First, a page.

Lessons learnt from an irresponsible headline and appalling hashtag

While headlines and hashtags are the lifeblood of great content, agencies have to take care with their use of words and own up when they make mistakes, says the founder of DARE Group, Sue Parker.

This week an unbelievable error of judgement was made by an appalling and unacceptable hashtag and headline by David Koch’s KBB Digital agency.

In a post on LinkedIn from their MD, Dave Chaffey the hashtag #socialsuicide was used with the question “What does social suicide look like”. It then linked to a blog and video headlined “Social Suicide – The Biggest Mistakes to Date”. The post and hashtag has been removed and the article renamed ‘Social Slip – The Biggest Mistakes to Date’.

It is tacit that headlines and hashtags are the lifeblood of great content eyeballs, engagement and distribution. We are all scrambling for the juiciest hook to promote brands, stories and social issues. And trending hashtags have taken on a new life of their own particularly on the largest business social media platform LinkedIn.

The issue drew the deserved ire of many including Lifeline, the Chair of Suicide Prevention Australia and a raft of Twitter outrage. Fairfax ran the story and a few commented that its political correctness gone haywire.

Using the word ‘suicide” in any media or content in 2018 is a big NO for any story that doesn’t relate to the actual issue and act itself. There is enough information from the Press Council and other bodies around the appropriate use of the word which I need not further add.

David Koch’s response to Fairfax was disturbing for many reasons: He commented

“Because of the sensitivity expressed over the issue the “young author and social media blogger” responsible took the post down. “It’s an interesting discussion to have and to receive guidance on,” he said. “The term ‘social suicide’ is a commonly used phrase. And the Sydney Morning Herald and The Age have on numerous occasions used terms such as ‘political suicide’ and ‘career suicide’.”

His response is concerning because it highlights much of what is wrong in society and in business in general – albeit in the case of digital agencies, content curators and bloggers.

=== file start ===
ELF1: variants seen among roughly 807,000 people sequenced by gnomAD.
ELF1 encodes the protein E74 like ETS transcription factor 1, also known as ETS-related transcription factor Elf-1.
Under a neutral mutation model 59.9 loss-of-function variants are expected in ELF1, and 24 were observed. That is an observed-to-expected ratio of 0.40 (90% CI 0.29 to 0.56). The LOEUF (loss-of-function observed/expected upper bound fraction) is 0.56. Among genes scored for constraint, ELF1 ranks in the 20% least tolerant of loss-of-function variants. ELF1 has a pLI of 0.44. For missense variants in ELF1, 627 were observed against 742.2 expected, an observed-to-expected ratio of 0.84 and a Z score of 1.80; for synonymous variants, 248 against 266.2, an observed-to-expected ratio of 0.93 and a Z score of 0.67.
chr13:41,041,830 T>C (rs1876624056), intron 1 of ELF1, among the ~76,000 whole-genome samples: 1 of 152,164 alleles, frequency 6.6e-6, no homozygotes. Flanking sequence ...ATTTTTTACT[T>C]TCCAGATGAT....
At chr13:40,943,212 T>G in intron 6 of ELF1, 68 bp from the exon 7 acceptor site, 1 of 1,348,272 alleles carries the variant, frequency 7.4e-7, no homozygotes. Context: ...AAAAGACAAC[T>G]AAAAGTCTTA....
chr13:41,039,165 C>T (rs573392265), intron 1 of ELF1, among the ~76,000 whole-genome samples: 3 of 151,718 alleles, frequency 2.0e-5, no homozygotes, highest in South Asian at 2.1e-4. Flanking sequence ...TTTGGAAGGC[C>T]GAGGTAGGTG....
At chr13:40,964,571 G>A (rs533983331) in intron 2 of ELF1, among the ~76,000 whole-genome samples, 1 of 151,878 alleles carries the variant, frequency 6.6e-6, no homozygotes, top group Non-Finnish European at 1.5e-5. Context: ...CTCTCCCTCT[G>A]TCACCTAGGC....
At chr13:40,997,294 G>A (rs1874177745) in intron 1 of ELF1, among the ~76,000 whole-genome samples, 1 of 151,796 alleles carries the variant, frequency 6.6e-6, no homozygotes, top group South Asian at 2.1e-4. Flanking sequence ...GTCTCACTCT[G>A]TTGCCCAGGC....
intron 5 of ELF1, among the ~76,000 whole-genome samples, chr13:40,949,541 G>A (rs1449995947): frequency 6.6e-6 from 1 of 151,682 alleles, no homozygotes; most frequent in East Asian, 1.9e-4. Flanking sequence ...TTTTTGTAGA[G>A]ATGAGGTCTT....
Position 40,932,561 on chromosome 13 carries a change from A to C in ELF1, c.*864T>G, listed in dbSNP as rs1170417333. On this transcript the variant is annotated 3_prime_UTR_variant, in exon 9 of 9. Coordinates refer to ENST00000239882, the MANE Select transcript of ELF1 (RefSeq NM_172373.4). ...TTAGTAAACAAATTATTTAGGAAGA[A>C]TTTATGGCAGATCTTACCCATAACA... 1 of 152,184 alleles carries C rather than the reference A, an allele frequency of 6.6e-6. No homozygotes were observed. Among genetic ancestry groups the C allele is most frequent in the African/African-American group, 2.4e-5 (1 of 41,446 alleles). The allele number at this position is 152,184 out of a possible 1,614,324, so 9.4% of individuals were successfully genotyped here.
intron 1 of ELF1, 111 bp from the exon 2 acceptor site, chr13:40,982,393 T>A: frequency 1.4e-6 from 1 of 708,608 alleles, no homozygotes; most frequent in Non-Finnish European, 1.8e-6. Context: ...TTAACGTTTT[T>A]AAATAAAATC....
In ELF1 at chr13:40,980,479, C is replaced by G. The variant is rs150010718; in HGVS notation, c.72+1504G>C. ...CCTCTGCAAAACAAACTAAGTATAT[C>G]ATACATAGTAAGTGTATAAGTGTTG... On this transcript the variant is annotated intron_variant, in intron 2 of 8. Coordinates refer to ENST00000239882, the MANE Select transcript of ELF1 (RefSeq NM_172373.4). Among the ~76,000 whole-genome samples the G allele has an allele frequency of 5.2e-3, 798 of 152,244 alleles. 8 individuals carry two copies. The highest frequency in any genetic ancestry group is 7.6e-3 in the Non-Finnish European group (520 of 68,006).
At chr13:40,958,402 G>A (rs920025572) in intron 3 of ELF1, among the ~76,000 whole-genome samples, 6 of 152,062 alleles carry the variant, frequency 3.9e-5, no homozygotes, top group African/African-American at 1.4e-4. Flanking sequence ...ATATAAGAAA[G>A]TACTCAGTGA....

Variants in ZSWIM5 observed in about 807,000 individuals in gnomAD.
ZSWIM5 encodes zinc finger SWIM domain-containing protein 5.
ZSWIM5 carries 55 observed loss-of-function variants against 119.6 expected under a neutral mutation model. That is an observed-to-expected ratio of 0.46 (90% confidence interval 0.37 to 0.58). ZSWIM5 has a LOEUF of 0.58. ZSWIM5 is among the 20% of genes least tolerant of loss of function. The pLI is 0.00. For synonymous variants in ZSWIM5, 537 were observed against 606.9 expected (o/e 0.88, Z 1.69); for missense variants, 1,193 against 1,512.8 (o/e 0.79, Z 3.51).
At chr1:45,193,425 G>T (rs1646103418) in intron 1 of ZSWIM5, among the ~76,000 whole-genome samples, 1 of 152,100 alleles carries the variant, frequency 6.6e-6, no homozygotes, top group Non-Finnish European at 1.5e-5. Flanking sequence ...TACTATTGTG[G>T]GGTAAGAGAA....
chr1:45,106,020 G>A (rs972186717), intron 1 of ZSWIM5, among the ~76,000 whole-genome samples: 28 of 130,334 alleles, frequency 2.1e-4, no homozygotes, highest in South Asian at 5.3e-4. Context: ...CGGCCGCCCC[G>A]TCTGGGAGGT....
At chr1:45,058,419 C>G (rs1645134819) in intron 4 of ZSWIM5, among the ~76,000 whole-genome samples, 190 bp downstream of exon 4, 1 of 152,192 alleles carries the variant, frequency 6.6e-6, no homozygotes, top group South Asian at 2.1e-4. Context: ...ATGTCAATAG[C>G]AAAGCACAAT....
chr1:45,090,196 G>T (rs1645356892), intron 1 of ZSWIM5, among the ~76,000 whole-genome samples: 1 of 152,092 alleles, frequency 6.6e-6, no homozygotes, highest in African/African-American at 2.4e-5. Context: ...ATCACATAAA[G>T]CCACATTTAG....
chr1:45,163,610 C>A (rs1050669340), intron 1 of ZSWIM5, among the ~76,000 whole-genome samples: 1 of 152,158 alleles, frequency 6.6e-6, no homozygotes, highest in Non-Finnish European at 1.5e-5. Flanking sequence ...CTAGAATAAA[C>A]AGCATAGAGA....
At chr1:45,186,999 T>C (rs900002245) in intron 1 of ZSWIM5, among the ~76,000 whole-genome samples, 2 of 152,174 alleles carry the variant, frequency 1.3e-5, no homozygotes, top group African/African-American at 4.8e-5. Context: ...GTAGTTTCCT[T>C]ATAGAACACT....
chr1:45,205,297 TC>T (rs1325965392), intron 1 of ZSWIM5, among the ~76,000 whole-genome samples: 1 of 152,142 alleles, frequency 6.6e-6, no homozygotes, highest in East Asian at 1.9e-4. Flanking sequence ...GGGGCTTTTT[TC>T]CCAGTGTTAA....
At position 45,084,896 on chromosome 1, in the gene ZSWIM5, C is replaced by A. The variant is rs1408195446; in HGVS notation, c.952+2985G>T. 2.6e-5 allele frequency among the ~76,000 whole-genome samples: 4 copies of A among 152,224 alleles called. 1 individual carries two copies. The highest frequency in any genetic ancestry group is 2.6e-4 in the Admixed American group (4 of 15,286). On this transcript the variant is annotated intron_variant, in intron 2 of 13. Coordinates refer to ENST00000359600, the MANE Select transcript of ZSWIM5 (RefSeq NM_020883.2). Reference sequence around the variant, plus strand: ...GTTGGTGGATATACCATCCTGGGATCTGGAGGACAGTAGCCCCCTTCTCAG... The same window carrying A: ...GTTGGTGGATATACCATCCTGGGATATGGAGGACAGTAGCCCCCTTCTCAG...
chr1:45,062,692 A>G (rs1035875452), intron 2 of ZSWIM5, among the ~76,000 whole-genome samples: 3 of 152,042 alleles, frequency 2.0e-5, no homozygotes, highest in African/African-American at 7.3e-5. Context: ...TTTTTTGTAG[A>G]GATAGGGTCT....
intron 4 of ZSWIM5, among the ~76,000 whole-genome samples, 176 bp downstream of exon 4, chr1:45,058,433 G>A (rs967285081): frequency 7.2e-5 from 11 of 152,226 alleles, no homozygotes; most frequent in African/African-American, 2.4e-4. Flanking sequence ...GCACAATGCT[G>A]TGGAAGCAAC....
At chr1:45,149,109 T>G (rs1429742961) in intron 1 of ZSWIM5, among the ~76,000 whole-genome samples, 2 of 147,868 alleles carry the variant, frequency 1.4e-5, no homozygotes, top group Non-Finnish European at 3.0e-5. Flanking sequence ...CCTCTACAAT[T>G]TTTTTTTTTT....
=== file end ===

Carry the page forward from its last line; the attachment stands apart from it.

Firstly, the fact it was a “young author” highlights a lack of due diligence, training and a mentorship to guide direction and cross-check work before publishing. It also clearly smacks of hiring inexperienced staff to save $$. After running a recruitment agency for 11 years I can testify to how many wanted to hire young people because it saved money.

But whilst that can be a logical business move, training and guidance needs to be given within the agency. But guess what – it rarely happened. So the issue of what happened with KBB is and does happen every day. Poor output, lack of checking and damage – both to their own brand and clients content.

Secondly, pulling out the “political correct card” is totally irresponsible and bullocks. Even a few people went that illogical route in the comments on Fairfax citing Suicide Blonde by INXS – stop being precious.

The world has changed and what was once OK is no longer due to many reasons – far too many to list here. Just think of issues around domestic violence, environment, climate, food, war etc.

But putting the 2 words of ‘social’ and ‘suicide” together is the WORST possible use of the word in our world now. Political and career is less so because we know that horrific social media bullying has caused many to lose their lives.

What can be learnt from this error of judgement and response?

  1. Really think and be creative – don’t try and be a smart ass and game headlines/hashtags. Be thoughtful and really clever
  2. Manage and train your ‘junior staff’ – give them a guide of ethics, integrity and value
  3. Hire better staff and stop trying to save a few extra $$$ – you get what you pay for
  4. Admit you stuffed up and made a mistake – in a world where brand equity is hinged towards vulnerability and authenticity – step up to the plate.

Come on everyone, let’s all do better – for our clients, our own brand and our staff.

Sue Parker is the Founder  of DARE Group Australia. An ex media recruitment agency owner she is a personal branding, LinkedIn and communications specialist to professional and creative services.


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